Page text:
International land-use concepts are transformed to suit local circumstances. What is truly common after local adaptation becomes arguable. This paper examines application of a British land-use planning concept, green belt, in the ex-colonial city of Hong Kong. Through examining its local history and planning decisions for village housing development within such zones, this study reveals the ambiguity and flexibility of this land-use concept in conserving the natural landscape and open countryside. It highlights the conflicts and compromises of green belt planning policy in connection with countryside protection, local politics and development pressures. The conclusion is that the green belt zone coincides with its overseas counterpart in name only; its substance and implementation are drastically diverse across cities.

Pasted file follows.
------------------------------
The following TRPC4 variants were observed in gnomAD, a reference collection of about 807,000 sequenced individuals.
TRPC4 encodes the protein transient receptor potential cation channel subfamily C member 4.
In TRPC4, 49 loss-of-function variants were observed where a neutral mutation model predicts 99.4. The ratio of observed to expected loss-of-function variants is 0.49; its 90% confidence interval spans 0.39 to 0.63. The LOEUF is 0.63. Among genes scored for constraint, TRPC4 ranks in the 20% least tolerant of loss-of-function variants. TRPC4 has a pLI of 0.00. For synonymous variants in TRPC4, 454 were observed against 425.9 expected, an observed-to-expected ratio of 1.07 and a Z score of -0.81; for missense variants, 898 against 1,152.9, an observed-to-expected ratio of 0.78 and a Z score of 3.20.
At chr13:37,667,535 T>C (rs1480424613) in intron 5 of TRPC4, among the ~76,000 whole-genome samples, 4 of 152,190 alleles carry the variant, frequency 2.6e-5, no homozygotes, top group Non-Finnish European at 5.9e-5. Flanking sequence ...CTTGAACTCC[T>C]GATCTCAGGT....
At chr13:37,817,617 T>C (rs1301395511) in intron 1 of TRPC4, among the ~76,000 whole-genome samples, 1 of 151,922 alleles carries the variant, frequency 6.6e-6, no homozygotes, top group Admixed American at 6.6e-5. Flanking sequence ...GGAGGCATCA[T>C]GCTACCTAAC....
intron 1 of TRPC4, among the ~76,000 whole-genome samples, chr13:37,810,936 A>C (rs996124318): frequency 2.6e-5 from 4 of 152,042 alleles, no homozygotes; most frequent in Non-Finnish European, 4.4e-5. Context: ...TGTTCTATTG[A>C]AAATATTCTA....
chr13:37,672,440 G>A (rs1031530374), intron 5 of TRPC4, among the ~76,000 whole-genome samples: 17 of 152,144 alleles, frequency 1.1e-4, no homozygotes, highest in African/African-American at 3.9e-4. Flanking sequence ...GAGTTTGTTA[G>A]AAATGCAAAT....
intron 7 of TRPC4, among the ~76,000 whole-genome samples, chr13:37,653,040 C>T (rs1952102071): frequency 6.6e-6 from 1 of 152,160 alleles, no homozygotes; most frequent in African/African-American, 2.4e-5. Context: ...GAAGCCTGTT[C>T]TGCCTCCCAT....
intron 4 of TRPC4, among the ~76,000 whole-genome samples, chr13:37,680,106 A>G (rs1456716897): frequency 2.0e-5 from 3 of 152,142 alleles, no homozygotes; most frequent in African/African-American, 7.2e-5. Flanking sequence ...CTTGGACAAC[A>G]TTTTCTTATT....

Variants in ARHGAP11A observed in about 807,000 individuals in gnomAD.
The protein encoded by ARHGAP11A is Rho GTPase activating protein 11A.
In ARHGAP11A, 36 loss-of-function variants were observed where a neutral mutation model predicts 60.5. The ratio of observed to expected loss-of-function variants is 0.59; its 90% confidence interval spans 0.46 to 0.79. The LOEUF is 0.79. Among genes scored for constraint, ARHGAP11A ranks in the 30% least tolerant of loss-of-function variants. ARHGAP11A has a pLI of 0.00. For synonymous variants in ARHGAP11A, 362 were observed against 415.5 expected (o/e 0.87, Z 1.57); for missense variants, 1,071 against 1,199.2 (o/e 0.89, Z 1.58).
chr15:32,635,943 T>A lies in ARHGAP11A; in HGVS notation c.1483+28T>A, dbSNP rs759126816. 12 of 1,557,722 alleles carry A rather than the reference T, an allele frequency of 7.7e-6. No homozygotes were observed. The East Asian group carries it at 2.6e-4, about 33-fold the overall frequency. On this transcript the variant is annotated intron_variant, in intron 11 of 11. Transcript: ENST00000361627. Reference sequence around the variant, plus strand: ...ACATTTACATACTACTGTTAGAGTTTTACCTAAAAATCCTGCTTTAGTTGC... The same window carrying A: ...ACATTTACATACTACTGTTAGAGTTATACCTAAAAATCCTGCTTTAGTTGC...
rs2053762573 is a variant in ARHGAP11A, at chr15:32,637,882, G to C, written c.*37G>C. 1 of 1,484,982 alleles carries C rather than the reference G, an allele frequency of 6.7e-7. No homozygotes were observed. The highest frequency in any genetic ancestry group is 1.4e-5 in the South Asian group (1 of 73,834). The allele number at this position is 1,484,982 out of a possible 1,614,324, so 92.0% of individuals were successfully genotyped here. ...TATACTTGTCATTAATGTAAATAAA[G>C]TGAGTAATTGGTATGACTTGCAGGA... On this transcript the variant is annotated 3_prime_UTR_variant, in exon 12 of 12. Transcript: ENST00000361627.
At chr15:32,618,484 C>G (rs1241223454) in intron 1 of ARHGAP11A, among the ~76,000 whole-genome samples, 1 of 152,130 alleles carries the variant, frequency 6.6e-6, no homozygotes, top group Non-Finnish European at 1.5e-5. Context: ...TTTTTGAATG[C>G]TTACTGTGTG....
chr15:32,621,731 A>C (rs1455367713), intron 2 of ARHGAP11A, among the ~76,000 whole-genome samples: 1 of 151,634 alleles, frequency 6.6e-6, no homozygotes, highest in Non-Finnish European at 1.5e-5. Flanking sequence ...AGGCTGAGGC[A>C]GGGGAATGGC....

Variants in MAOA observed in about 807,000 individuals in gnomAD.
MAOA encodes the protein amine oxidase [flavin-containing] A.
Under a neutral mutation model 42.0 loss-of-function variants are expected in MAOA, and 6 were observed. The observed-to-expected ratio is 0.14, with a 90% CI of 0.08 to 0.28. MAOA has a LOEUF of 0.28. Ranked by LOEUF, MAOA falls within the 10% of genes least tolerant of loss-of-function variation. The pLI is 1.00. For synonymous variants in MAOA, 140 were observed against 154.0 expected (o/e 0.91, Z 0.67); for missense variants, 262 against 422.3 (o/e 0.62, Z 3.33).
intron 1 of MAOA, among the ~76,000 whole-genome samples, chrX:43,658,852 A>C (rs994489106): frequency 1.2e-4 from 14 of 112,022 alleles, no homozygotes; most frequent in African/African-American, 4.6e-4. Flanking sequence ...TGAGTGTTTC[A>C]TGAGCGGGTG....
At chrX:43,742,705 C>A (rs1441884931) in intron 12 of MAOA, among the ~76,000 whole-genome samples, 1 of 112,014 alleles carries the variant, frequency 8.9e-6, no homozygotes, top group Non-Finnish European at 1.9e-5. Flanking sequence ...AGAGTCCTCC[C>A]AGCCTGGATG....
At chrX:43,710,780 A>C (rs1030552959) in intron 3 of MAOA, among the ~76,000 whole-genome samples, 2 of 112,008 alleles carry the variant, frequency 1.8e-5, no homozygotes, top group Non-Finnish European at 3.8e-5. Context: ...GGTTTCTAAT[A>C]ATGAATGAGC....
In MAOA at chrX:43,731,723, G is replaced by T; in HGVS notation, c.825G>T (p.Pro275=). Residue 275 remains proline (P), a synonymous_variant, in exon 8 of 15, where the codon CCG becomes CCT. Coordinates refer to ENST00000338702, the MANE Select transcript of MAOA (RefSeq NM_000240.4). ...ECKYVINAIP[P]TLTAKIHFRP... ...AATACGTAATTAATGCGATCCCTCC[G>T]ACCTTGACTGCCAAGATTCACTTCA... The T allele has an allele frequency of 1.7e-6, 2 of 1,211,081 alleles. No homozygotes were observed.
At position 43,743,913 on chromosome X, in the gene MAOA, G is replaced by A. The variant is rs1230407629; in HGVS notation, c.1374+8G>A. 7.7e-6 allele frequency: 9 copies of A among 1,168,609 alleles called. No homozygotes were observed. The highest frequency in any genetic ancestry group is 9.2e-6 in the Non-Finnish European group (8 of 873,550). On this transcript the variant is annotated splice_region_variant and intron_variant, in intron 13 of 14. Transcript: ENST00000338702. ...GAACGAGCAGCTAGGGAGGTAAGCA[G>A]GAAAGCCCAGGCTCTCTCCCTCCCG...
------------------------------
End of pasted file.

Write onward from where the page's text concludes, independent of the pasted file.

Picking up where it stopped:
ASJC Scopus subject areas
- Geography, Planning and Development